trails and roads that allow them to travel throughout
Pierce County using non-motorized transportation.
Equestrians are even able to ride to popular trailheads and
riding areas. The non-motorized mobility is the result of
the Pierce County Non-motorized Transportation Plan adopted
"SPRAWL CITY: RACE POLITICS AND PLANNING IN ATLANTA"
Edited by Robert D. Bullard and Glenn S. Johnson of the
Clarke Atlanta University Environmental Justice Resource
Center, Sprawl City "uses a multi-disciplinary approach to
analyze and critique the emerging crisis resulting from
urban sprawl in the ten-county Atlanta metropolitan region.
Local experts including sociologists, lawyers, urban
planners, economists, educators, and health care
professionals consider sprawl-related concerns as core
environmental justice and civil rights issues." [from the
publisher's website, Island Press,
The book is available online ($30) or from your bookstore.
"A NETWORK OF LIVABLE COMMUNITIES"
Subtitled "Evaluating Travel Behavior Effects of
Alternative Transportation and Community Designs for the
National Capital Region," this 1996 Environmental Defense
report about transportation futures in the Washington D.C.
area suggests "combining pragmatic pricing reforms with
transit service improvements, transit-oriented development,
the curtailing of growth in areas where people have no
travel choices but the car, and significantly improving
conditions for walking, bicycling, and local access to
public transportation." Available for download as a PDF
"FACILITIES FOR NON-MOTORIZED TRANSPORTATION"
Washington State's Highway Design Manual chapter 1020,
which deals with designing bicycle, pedestrian, and
equestrian facilities. Downloadable as a PDF (1.5mb).
And now for something completely different...
"PEDALING HISTORY BICYCLE MUSEUM"
As they say, "There's more to bicycles than you think and
'Pedaling History Bicycle Museum' is here to tell you about
January 7-11, 2001: 80th Annual Meeting of the
Transportation Research Board, Washington, DC. Info: TRB,
2101 Constitution Ave, N.W. Washington, D.C. 20418, voice:
(202) 334-2934 fax: (202) 334-2003
January 19-20, 2001: Redefining Community: A Smart Growth
Approach to Street and Neighborhood Design, Crime
Prevention, and Public Health and Safety conference, San
Diego, CA. Info: Michele Kelso, Local Government
Commission, 1414 K St, Ste 250, Sacramento, CA 95814,
voice: (916) 448-1198, e-mail: firstname.lastname@example.org
February 20-22, 2001: Australia: Walking the 21st Century:
An International Walking Conference, Perth, Western
Australia. Info: John Seaton, Metropolitan Div., Dept. of
Transport, PO Box 7272 Cloisters Square, Perth, W.
Australia - 6850, voice: +61 8 9313 8680 fax: +61 8 9320
9497 e-mail: email@example.com
March 28-30, 2001: National Bike Summit 2001, Washington,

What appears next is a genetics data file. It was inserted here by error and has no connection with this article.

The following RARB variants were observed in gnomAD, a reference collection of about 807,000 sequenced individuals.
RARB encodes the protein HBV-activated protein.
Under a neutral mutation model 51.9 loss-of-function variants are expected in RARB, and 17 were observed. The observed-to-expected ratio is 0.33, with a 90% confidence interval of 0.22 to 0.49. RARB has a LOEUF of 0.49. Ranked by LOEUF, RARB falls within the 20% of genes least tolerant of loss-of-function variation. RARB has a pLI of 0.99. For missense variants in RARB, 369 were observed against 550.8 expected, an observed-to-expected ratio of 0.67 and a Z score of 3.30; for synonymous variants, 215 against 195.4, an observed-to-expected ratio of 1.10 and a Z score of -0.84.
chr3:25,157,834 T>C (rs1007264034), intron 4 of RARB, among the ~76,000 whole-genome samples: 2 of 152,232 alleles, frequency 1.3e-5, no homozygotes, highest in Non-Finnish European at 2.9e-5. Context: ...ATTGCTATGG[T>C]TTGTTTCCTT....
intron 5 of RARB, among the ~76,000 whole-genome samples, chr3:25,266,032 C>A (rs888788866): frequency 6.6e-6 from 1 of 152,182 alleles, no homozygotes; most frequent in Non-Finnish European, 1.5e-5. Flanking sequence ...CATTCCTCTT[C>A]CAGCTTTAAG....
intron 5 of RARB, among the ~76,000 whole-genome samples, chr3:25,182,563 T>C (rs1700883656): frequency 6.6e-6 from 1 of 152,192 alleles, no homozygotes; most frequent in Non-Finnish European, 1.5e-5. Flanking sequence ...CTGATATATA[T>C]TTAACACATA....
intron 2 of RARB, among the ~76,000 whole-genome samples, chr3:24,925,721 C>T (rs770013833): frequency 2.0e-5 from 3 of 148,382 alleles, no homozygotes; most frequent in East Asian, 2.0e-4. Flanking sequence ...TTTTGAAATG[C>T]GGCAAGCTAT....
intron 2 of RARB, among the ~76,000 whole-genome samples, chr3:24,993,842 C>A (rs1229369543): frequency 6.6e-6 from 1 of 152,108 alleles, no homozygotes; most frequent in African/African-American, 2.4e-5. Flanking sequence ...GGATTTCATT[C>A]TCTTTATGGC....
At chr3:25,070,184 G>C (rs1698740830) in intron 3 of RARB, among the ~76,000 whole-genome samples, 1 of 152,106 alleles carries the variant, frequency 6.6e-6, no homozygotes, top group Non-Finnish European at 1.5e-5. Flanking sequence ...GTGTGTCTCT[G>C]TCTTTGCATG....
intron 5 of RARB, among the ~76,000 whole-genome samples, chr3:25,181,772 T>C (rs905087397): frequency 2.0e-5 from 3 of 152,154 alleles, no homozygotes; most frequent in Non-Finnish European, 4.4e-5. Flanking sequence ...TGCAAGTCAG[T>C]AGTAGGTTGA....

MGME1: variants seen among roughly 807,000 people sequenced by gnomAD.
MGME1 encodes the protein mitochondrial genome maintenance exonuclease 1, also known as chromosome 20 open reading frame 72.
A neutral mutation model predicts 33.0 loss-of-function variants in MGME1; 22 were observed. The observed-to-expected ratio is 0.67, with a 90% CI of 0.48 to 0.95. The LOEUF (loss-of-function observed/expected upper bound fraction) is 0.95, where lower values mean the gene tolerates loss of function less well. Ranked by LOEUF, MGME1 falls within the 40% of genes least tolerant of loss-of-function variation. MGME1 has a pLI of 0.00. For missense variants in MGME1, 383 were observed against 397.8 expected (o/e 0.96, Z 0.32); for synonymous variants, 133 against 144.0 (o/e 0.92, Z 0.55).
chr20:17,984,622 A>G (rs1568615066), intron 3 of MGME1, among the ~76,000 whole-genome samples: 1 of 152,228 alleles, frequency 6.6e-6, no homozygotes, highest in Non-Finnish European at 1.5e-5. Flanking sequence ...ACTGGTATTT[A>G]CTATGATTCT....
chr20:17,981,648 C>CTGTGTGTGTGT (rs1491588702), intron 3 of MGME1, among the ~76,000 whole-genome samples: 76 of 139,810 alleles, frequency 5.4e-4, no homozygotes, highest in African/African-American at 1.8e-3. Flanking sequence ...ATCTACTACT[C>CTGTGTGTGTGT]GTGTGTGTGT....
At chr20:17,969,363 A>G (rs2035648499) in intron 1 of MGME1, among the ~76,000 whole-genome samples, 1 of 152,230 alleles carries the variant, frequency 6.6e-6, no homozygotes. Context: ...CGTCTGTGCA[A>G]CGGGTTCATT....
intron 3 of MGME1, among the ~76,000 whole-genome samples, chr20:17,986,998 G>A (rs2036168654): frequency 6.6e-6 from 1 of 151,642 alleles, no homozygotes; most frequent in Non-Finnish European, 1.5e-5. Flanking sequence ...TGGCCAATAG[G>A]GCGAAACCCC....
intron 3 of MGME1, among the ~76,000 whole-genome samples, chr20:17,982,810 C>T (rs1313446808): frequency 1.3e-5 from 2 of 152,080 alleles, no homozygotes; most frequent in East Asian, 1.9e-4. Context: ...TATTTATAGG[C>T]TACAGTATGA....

DC. Info: Paul Weiss, League of American Bicyclists, 1612 K
Street NW, Suite 401, Washington, DC 20006-2082 voice:
(202) 822-1333 fax: (202) 822-1334 email: firstname.lastname@example.org
March 25-28, 2001,17th Annual ITE Spring Conference:
Improving Transportation Performance and Productivity,
Monterey, CA. Info: ITE, 525 School Street, SW, Suite 410,
Washington, DC 20024 USA , voice: (202) 554-8050 fax:
(202) 863-5486, email: email@example.com
July 3-6, 2001,Environmental Design Research Association
(EDRA) Annual Meeting, Edinburgh, Scotland. Info: EDRA,
P.O. Box 7146, Edmond, OK 73083-7146, voice: (405)330-4863
fax: (405)330-4150, email: firstname.lastname@example.org
September 17-21, 2001, Velo-city 2001, Edinburgh/Glasgow,
Scotland. Info: Meeting Makers Ltd, Jordanhill Campus, 76
Southbrae Drive, Glasgow G13 1PP, Scotland, voice: 0141 434
1500 fax: 434 1519, e-mail: Velo_city@meetingmakers.co.uk
JOB > EXEC. DIRECTOR OF GEORGIANS FOR GTA
Georgians for Transportation Alternatives (GTA) is seeking
an Executive Director who is a leader and a collaborator,
with fund-raising experience, an advanced degree or
equivalent experience in public administration, urban
planning, non-profit management, or related area, success
working independently and on a team, and excellent writing
and speaking skills. Deadline: Nov. 15, 2000. For the full
details, go to http://www.gatransalt.org/EDjob.html
GRANT > TCSP 2002 GRANT PROPOSALS DUE JAN. 31, 2001
The purpose of the Transportation and Community and System
Preservation Pilot Program (TCSP) is to fund grants and
research to investigate and address the relationship
between transportation and community and system
preservation. States, local governments, MPOs, tribal
governments, and other
local and regional public agencies are eligible for
discretionary grants for planning and implementation.
Applications for Fiscal Year 2002 grants and research
recommendations are due at your FHWA Division Office by
close of business on Jan. 31, 2001. For more information on
the program, visit:
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Contributors: Bill Wilkinson, Peter Moe
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Director: Bill Wilkinson
National Center for Bicycling & Walking 1506 21st St NW,
Suite 200, Washington D.C. 20036 Voice: (202) 463-6622
Fax: (202) 463-6625